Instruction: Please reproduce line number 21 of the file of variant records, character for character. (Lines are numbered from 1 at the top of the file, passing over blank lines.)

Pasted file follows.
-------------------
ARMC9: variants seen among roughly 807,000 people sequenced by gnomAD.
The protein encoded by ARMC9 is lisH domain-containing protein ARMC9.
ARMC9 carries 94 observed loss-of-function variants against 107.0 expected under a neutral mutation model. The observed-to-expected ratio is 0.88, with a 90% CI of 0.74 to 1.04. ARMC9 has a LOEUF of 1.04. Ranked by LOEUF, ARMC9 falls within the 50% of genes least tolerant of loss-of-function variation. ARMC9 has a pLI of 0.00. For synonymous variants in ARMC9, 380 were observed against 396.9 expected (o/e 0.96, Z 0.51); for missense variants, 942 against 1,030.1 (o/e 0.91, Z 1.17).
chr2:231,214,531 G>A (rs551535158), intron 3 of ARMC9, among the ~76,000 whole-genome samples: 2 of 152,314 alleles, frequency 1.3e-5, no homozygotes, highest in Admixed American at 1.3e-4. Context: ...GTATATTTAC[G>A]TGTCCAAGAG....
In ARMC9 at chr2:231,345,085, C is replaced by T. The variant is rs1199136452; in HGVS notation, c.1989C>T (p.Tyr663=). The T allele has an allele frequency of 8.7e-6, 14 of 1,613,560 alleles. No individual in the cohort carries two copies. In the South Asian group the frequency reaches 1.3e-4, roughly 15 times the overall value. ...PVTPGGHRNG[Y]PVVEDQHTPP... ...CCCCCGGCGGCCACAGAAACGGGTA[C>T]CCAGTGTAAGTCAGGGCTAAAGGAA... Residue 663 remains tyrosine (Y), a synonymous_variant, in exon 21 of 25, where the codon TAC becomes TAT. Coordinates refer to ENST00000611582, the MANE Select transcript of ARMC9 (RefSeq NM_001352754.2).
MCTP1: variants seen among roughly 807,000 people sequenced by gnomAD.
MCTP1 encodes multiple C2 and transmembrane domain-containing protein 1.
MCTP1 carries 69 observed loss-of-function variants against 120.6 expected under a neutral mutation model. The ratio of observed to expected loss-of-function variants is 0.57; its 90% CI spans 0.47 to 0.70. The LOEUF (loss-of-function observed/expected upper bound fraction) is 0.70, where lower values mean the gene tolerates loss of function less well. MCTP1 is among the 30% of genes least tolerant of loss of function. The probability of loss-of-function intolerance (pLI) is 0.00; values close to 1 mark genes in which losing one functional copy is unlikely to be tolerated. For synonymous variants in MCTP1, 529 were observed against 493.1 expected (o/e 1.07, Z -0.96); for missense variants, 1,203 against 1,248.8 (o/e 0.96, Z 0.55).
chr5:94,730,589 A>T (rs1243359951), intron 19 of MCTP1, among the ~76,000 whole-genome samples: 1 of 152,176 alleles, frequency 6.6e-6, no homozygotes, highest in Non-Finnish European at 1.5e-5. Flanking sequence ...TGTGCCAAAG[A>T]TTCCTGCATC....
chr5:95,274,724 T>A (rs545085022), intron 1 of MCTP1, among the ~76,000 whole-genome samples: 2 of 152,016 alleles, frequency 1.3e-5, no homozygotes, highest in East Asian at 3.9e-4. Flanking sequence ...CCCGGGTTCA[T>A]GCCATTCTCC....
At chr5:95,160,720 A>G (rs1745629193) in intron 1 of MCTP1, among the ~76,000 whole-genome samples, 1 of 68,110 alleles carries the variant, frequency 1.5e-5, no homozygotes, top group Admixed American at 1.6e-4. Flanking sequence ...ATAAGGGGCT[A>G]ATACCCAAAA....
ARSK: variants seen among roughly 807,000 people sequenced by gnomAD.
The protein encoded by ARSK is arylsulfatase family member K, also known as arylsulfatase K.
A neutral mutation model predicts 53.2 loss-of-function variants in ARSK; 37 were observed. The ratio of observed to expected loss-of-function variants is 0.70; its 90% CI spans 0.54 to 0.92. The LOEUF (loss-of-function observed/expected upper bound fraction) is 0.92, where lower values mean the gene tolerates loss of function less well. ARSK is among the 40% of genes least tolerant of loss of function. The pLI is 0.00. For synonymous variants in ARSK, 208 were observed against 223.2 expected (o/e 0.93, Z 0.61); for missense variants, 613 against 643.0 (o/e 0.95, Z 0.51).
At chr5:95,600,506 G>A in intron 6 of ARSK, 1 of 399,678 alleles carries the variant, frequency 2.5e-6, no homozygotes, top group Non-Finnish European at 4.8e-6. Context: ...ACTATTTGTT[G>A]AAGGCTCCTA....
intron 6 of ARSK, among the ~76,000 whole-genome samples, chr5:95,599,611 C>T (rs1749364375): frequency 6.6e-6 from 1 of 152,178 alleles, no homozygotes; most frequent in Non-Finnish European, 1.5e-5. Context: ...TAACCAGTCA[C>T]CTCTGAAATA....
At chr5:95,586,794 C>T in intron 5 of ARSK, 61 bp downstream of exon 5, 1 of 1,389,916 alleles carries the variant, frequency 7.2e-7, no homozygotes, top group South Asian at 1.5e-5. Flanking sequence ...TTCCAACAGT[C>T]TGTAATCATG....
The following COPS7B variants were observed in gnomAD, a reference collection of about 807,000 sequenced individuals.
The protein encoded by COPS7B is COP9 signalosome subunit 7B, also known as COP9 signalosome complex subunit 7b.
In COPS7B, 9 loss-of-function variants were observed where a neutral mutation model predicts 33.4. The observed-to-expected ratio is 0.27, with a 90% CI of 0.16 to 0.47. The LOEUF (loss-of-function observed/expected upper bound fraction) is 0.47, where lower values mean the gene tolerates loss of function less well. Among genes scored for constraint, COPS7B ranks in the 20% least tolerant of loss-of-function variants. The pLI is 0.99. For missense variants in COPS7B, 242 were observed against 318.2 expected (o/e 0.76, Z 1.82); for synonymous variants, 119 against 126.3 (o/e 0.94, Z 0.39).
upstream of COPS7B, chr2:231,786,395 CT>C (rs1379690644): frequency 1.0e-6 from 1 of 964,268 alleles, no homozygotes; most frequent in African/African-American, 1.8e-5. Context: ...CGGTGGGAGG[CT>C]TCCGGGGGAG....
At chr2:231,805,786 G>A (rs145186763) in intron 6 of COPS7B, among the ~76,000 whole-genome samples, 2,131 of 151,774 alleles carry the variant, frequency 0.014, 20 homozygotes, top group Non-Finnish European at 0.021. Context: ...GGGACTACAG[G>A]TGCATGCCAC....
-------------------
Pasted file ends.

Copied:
upstream of COPS7B, chr2:231,786,395 CT>C (rs1379690644): frequency 1.0e-6 from 1 of 964,268 alleles, no homozygotes; most frequent in African/African-American, 1.8e-5. Context: ...CGGTGGGAGG[CT>C]TCCGGGGGAG....